Gas chromatography (GC) is an analytical technique used to separate the chemical components of a sample mixture and then detect them to determine their presence or absence and/or how much is present. These chemical components are usually organic molecules or gases.

I also used infrared spectroscopy during my first year to find that there's no detectable amount of water in e-cigarettes because a lot of my peers thought it was just water vapor in e-cigarettes and therefore it was harmless, which is untrue. Something that ended up being really instrumental to my research, but I discovered completely by accident, is that e-cigarette vapor recondenses back into a liquid almost as soon as it enters the body.

Infrared Spectroscopy is the analysis of infrared light interacting with a molecule. This can be analyzed in three ways by measuring absorption, emission and reflection.

To track where that liquid ended up, I printed a 3-D model of the human oral cavity, trachea, and bronchial tree, and then designed and built a two-chamber respiratory system out of plastic cereal boxes to mimic breathing. After creating the lung model and respiratory system, I added fluorescent dye to the pod liquid so that when I shined UV light on it, I could see where all the liquid had recondensed in the lung. It deposited throughout the oral cavity tracheobronchial tree and was highly concentrated in the bronchial tree where there's human bronchial epithelial cells or HBEs.

That discovery sparked the second stage of my research where I looked at the effects of e-cigarette usage on HBE cells. I ran a lactate dehydrogenase cytotoxicity assay   to determine that the concentrations of e-cigarettes, diacetyl and nicotine that I was using weren't going to kill the cells. I found that the e-cigarettes caused a 32% increase in LDH secretion, and diacetyl cause a 26% increase. Those increases indicated to me that e-cigarette usage and diacetyl can cause cell and tissue damage. After determining that the cells were viable, I looked at genetic expression and found increases in those genes similar to those of patients who had been smoking and eventually developed COPD.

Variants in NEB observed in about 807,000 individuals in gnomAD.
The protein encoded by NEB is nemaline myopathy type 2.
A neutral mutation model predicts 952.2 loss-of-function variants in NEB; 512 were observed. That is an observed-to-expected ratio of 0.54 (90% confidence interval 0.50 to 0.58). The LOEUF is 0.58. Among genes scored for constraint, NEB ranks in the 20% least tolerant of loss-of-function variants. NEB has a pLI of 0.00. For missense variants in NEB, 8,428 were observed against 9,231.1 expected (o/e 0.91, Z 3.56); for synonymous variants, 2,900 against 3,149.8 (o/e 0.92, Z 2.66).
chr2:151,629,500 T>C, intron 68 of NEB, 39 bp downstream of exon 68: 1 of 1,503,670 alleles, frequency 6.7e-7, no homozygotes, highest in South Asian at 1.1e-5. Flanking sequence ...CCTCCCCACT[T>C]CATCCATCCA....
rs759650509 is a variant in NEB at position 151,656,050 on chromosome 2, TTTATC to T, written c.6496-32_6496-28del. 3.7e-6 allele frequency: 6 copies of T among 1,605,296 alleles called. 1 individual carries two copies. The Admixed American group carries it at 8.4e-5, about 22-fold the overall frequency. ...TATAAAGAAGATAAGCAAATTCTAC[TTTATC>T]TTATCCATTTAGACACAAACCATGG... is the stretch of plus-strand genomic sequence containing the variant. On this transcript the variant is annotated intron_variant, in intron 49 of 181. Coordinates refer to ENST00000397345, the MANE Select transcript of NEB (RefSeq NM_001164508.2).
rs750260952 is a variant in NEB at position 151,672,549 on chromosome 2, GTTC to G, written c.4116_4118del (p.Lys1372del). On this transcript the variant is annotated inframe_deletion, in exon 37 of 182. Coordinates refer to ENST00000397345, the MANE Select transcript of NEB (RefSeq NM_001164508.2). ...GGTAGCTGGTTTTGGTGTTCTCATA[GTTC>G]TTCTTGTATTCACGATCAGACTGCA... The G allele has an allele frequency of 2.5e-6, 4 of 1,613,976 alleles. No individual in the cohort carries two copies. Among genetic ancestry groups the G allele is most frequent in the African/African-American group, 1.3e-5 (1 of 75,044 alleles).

Lactate dehydrogenase (LDH) is a cytosolic enzyme present in many different cell types that is released into the cell upon damage to the plasma membrane. A LDH Cytotoxicity Assay provides a simple and reliable method for measuring this damage.

For the final year of my project, I bought and grew Drosophila melanogaster, which are wild-type fruit flies. I chose 18 flies and separated them into six groups. There were control groups, and then flies exposed to both e-cigarette vapor and cigarette smoke. I separated the male flies from the female flies and had three in each group. My results from the HPE cells and fruit flies provide pretty compelling evidence for a possible link between vaping and COPD development.

Dr. G.:

What advice do you have for other future scientists?


Never give up because a big part of science is failing and making mistakes. Some of the greatest discoveries came about because of accidents or through mistakes. I believe everyone can discover something new because there's always new science to be discovered, no matter how big or small it is. And making a discovery is an amazing feeling.